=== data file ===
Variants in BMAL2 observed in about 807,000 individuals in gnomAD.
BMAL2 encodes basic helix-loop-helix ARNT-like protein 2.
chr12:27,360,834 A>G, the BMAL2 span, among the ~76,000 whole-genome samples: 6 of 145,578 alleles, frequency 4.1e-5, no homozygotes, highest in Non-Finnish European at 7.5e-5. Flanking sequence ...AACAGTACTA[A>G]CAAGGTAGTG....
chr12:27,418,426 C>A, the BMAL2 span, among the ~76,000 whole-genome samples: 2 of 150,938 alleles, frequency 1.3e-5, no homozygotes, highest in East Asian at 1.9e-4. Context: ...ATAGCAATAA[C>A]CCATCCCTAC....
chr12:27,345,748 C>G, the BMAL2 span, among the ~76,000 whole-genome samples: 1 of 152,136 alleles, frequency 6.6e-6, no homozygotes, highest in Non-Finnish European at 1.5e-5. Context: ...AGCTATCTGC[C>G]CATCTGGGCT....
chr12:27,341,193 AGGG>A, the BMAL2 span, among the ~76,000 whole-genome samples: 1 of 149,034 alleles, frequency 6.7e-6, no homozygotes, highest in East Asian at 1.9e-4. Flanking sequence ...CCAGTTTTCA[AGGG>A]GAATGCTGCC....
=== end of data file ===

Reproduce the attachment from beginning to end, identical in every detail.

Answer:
Variants in BMAL2 observed in about 807,000 individuals in gnomAD.
BMAL2 encodes basic helix-loop-helix ARNT-like protein 2.
chr12:27,360,834 A>G, the BMAL2 span, among the ~76,000 whole-genome samples: 6 of 145,578 alleles, frequency 4.1e-5, no homozygotes, highest in Non-Finnish European at 7.5e-5. Flanking sequence ...AACAGTACTA[A>G]CAAGGTAGTG....
chr12:27,418,426 C>A, the BMAL2 span, among the ~76,000 whole-genome samples: 2 of 150,938 alleles, frequency 1.3e-5, no homozygotes, highest in East Asian at 1.9e-4. Context: ...ATAGCAATAA[C>A]CCATCCCTAC....
chr12:27,345,748 C>G, the BMAL2 span, among the ~76,000 whole-genome samples: 1 of 152,136 alleles, frequency 6.6e-6, no homozygotes, highest in Non-Finnish European at 1.5e-5. Context: ...AGCTATCTGC[C>G]CATCTGGGCT....
chr12:27,341,193 AGGG>A, the BMAL2 span, among the ~76,000 whole-genome samples: 1 of 149,034 alleles, frequency 6.7e-6, no homozygotes, highest in East Asian at 1.9e-4. Flanking sequence ...CCAGTTTTCA[AGGG>A]GAATGCTGCC....